There was something particularly affecting about the news from Portugal on January 5th, that the great Eusébio had passed. Hitherto, unless they were especially unfortunate or, in the case of George Best, wilful, the genuinely great players who have passed on to the celestial dressing room have tended to be figures from the dim and distant, those who were barely caught on black and white film never mind the coloured stuff.
The death of Eusébio, at least for those of us of a certain age, brings mortality that little bit closer to home. Although I was marginally too young to catch the great man’s career in his prime, growing up in the early ‘70s, accumulating old European Cup final programmes or inheriting Goal magazines from the ‘60s, he was everywhere, lauded as perhaps the finest European footballer of his age, no mean feat at a time when Bobby Charlton for one bestrode the continent.
But like so many who are fated to be iconic, Eusébio’s magic did not lie in his brilliance alone. Instead he was totemic, he was the first great player from Portugal – or its colony, Mozambique, to be precise – that nation’s first world star, spearheading what we would now be forced to term a golden generation. Some would categorise him as the Ronaldo of his time, but that is to do him a disservice. Ronaldo is but a descendant, playing for a team who have produced a litany of talent over the last 50 years. But when Eusébio emerged, he was the standard bearer, he was the man taking Portuguese football out to the world.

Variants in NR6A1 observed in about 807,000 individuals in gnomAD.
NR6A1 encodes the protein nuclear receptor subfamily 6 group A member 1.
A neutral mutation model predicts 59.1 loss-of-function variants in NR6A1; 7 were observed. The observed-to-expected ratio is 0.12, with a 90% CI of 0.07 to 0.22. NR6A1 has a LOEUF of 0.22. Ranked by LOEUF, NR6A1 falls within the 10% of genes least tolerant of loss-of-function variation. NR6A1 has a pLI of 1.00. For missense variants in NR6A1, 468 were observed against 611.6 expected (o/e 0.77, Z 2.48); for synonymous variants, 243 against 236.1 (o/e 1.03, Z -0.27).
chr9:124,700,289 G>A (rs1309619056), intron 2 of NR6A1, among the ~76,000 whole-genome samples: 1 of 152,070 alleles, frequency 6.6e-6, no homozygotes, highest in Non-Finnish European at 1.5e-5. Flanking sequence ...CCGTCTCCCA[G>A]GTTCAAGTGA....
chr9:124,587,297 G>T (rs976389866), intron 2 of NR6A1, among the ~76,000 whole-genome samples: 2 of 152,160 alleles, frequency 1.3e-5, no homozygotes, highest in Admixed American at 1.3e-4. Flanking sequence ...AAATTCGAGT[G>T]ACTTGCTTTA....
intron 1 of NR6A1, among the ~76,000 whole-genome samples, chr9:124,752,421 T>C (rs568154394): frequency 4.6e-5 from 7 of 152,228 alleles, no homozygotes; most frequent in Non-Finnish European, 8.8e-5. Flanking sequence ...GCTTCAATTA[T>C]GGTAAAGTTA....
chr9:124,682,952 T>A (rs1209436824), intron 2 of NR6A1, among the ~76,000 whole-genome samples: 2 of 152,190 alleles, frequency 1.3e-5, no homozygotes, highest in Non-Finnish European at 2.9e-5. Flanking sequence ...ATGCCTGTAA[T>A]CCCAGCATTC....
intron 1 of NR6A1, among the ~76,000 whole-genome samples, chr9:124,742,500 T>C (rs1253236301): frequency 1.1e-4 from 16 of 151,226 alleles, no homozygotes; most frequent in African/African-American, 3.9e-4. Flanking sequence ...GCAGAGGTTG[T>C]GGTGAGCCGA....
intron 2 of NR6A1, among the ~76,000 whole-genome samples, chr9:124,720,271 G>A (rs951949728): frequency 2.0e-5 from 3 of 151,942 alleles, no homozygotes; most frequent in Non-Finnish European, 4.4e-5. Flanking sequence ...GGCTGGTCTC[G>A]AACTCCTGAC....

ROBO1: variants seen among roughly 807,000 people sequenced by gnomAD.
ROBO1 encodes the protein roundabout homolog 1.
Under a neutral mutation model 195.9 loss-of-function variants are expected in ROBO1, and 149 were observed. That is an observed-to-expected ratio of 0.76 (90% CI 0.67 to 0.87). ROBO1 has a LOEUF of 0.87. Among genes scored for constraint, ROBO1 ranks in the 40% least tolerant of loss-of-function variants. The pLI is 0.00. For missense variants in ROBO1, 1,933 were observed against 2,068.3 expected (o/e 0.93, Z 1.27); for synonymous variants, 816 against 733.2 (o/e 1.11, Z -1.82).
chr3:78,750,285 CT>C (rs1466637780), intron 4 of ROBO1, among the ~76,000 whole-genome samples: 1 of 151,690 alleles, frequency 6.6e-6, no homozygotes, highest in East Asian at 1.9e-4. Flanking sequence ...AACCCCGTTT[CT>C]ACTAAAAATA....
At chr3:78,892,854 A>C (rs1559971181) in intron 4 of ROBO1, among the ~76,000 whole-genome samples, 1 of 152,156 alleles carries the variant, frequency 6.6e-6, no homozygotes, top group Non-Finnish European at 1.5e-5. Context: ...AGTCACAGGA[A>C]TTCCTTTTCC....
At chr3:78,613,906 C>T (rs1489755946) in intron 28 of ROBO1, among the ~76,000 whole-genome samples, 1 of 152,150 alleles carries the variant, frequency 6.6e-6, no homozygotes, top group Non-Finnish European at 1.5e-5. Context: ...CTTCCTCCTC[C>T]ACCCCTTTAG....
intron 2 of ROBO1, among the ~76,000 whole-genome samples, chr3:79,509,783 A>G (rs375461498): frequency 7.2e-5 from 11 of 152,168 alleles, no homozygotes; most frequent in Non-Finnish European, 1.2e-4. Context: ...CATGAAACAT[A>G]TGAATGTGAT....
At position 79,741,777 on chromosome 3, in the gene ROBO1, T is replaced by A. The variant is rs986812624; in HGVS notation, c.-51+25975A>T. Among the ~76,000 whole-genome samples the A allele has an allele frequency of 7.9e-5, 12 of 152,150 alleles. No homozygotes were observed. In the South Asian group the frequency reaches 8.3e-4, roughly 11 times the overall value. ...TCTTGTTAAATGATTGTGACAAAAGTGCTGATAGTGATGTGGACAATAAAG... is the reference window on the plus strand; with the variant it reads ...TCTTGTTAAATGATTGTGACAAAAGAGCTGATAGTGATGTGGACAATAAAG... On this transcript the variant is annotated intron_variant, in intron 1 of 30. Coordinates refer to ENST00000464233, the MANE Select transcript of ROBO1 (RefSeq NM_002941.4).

He did it first via Benfica, the club that turned its Stadium of Light into both feared venue and beacon of footballing light, the club that finally ended Real Madrid’s hegemonic hold over the European Champions’ Cup, concluding their run of five straight titles by wrestling it away from them in 1961 and 1962.
Eusébio did not feature in that first triumph, but he more than made up for it a year later scoring twice in an extraordinary final, Benfica emerging 5-3 winners over Real in Amsterdam, Eusébio scoring the two decisive goals inside three minutes midway through the second half.
That was to be his calling card, for over a career of more than 700 games, Eusébio averaged a goal in each give or take the width of a gnat’s embarrassment, and this in an era where defensive thinking began to advance apace, especially across Europe. Yes, Benfica were perhaps the equivalent of Celtic in their domestic league, but though he bludgeoned his goals on the domestic scene, he could export them too, scoring in the Champions’ Cup and for Portugal.
It was the 1966 World Cup that established his reputation for perpetuity, scoring nine times as Portugal reached the semi-final stage. That game had been due to take place at Goodison Park, but a little behind the scenes politicking ensured that because their opponents were the hosts, England, the game would go on at Wembley Stadium instead, a huge advantage to Alf Ramsey’s team.
In its way, that game was the 1966 version of the recent play-off between Portugal and Sweden, a game that boiled down to Ronaldo versus Ibrahimovic. Back then, it was Eusébio against Bobby Charlton and, on the night, Bobby was boisterously magnificent where Eusebio was shackled, almost literally, by the rumbustious urchin that was Norbert Stiles, chipping, clipping, digging away at the visiting giant. It was enough to separate the teams, 2-1, Charlton and Eusebio sharing the goals. Eusébio left his indelible mark on the competition by top scoring with nine goals but as a genuine team man, it was the real prize that he coveted.
An ambassador for both game and country after his playing days were over, he was an unlikely hero in many ways. Although he had all the physical attributes of a sporting god, there was a humility to his demeanour that is all too rare in such stars, people who, almost by definition, have to surf the tsunami of waves created by their egos if they are to go out and defy logic in the way that they do. Eusébio, at his heart, was a sportsman, with all the positive connotations that should bring with it.
© Nigel Molesworth for @awaycolours 2014